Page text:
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More and more people are finding themselves living paycheck to paycheck in the greater Tampa Bay region. In some places, rent has doubled. The cost of everyday goods — like gas and groceries — keeps creeping up. All the while, wages lag behind and the affordable housing crisis looms. Amid cost-of-living increases, WUSF is focused on documenting how people are making ends meet.

A lack of affordable child care puts the burden on working Florida parents

A mom reads a book to two young children while sitting on a bench.
Early Learning Coalition of Hillsborough County

The Florida Chamber of Commerce estimates that child care issues are resulting in a $5.38 billion annual loss to the state economy.

The cost of child care for infants and toddlers is out of reach for many working Florida parents.

In Hillsborough County, data shows that infant care can cost as much as $12,000 a year. Pre-kindergarten care in the county can cost upwards of $8,000 annually, according to the latest community needs assessment conducted by the Early Learning Coalition.

That’s a huge chunk of many families take-home pay, according to Hillsborough’s Early Learning Coalition CEO Fred Hicks.

A table of expenses shows high costs for infant and pre-kindergarten care in Hillsborough County.
Courtesy of the Early Learning Coalition of Hillsborough County

The lack of affordable care options for young children is pushing some parents to leave the workforce entirely, he said.

“For a parent to have to make that decision, some will choose, ‘You know what- – I'm working to pay child care, and I'm still not breaking even. I may stay home,’” Hicks said.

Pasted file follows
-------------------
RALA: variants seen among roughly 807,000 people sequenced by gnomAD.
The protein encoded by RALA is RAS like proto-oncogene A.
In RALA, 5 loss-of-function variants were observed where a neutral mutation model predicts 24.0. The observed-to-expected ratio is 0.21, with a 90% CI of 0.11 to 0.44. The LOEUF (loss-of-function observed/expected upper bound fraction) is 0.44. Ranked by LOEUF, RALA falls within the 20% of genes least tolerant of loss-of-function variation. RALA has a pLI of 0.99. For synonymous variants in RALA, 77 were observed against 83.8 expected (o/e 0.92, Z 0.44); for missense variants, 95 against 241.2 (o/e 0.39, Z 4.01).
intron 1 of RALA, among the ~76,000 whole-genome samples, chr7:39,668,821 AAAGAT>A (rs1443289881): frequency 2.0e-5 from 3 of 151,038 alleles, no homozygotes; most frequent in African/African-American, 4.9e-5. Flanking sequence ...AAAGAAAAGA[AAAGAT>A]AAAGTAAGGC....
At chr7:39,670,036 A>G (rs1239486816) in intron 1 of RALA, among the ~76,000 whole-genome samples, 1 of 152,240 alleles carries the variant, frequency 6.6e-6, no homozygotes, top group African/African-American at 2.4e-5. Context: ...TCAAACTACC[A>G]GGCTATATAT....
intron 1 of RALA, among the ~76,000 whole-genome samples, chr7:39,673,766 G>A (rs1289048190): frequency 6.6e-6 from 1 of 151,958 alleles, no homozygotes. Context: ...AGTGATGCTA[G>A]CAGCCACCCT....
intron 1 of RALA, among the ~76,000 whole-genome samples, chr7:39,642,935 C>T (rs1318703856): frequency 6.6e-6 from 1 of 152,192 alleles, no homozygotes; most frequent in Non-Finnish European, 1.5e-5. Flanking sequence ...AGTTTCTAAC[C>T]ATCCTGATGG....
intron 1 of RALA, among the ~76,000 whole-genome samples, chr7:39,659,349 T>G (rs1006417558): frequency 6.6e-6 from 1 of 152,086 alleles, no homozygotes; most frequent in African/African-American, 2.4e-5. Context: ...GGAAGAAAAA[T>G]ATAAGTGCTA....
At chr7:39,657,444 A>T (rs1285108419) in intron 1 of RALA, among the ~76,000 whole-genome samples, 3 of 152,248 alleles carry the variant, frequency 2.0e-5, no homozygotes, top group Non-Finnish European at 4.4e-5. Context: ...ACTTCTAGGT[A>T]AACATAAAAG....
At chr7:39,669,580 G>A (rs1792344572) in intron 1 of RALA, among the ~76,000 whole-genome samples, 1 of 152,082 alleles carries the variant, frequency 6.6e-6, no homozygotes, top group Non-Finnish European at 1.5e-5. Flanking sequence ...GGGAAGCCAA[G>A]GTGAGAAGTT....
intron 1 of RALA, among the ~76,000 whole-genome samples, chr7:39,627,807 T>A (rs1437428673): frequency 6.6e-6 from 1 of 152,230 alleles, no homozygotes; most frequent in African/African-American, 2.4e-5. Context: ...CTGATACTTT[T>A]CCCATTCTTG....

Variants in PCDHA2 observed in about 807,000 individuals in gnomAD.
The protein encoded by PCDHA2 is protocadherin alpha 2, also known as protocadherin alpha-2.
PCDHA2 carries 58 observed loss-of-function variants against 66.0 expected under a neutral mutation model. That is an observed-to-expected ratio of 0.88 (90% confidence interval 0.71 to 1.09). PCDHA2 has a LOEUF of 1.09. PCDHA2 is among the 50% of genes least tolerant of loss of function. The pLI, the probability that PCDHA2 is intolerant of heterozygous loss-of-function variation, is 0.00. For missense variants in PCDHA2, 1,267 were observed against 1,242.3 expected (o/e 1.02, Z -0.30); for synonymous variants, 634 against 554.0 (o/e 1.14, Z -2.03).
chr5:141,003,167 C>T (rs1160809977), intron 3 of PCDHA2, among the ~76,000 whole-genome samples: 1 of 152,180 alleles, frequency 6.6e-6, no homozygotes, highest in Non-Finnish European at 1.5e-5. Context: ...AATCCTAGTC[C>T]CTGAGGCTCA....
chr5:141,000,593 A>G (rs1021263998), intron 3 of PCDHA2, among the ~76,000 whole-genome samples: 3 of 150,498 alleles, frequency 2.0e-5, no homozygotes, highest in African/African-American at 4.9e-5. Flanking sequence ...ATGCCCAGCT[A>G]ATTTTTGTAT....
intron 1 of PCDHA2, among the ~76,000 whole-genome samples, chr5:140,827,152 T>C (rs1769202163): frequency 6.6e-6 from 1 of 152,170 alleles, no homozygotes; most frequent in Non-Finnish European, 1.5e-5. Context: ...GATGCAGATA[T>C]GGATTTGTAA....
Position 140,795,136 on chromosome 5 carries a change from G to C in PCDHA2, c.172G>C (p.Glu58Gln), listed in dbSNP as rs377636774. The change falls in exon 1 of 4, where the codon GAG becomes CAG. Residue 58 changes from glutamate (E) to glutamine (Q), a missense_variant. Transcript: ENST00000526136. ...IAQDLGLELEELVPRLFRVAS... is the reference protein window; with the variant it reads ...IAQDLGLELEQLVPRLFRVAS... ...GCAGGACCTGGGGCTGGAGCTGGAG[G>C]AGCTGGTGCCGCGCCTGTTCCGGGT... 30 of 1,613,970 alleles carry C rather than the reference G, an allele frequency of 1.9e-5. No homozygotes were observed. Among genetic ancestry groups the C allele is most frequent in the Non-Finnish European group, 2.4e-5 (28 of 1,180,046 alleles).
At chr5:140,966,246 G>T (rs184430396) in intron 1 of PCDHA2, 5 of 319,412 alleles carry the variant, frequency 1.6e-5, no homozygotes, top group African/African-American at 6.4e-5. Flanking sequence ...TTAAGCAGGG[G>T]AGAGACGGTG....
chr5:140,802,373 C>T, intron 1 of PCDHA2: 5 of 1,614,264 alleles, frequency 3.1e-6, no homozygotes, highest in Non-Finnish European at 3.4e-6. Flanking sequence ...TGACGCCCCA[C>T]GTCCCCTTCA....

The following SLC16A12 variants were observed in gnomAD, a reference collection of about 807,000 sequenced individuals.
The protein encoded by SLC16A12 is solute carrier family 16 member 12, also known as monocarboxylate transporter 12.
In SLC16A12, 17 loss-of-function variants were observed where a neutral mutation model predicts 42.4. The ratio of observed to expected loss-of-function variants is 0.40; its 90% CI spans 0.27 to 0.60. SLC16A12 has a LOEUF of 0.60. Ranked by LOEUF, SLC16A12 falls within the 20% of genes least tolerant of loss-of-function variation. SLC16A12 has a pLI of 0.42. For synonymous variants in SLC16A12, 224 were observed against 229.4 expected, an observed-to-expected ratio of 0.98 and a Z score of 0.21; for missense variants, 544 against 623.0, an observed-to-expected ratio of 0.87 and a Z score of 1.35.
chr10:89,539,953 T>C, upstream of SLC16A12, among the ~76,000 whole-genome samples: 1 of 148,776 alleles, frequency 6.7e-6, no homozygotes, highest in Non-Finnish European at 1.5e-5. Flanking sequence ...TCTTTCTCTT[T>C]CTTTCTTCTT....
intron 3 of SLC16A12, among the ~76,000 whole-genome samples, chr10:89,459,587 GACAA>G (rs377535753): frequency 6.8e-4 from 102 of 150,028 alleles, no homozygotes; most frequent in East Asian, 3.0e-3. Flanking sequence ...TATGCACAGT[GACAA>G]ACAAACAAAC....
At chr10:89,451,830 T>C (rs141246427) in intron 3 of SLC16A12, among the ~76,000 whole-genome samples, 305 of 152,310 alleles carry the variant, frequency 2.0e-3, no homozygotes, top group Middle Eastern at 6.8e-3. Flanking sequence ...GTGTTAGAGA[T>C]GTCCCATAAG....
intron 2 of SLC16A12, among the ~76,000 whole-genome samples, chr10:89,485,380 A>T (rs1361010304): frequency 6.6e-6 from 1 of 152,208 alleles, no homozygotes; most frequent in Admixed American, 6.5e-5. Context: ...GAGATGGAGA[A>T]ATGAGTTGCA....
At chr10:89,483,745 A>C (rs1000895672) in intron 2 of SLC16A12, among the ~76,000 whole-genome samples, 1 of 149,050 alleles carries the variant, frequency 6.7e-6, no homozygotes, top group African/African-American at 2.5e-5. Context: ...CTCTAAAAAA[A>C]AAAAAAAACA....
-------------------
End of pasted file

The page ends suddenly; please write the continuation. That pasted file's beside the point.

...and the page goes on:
This withdrawal from the workforce is taking a toll on Florida’s economy.

TheFlorida Chamber of Commerce estimates that child care issues are resulting in a $5.38 billion annual loss to the state economy.

"We've met parents all over the state who say I want to go back to work. But literally my salary wouldn't cover child care for my three kids,” Children’s Movement of FloridaCEO Madeleine Thakur said.

While state and federal programs exist to alleviate childcare costs, Thakur said that not all parents qualify.

One example, she said, is Florida’s School Readiness Program, which offers financial assistance to qualifying parents of infants and toddlers, or families earning at or below 150 percent of the federal poverty line.

In Hillsborough County, that looks like a single parent earning minimum wage who can’t earn more than roughly $30,000.

Increasingly so, Thakur said this eligibility cutoff is leaving a lot of households without help.

“If you've got a program, ostensibly to support working parents in Florida and a two-parent household both making minimum wage is too wealthy to qualify, we've got that eligibility level in the wrong place,” she said.

Thakur said she would like to see the eligibility threshold raised for Florida families seeking financial assistance with child care. But if that happens, she said the state would also need to invest more money overall in order to serve more families.

She said she's hopeful about other creative policy solutions on the horizon in Florida, too.

One proposal by a Sarasota lawmaker, HB 635, would instate early learning tax credits for employers who subsidize or offer on-site childcare for working parents and grandparents.

Gabriella Paul covers the stories of people living paycheck to paycheck in the greater Tampa Bay region for WUSF. She's also a Report for America corps member. Here’s how you can share your story with her.

I tell stories about living paycheck to paycheck for public radio at WUSF News. I’m also a corps member of Report For America, a national service program that places journalists in local newsrooms.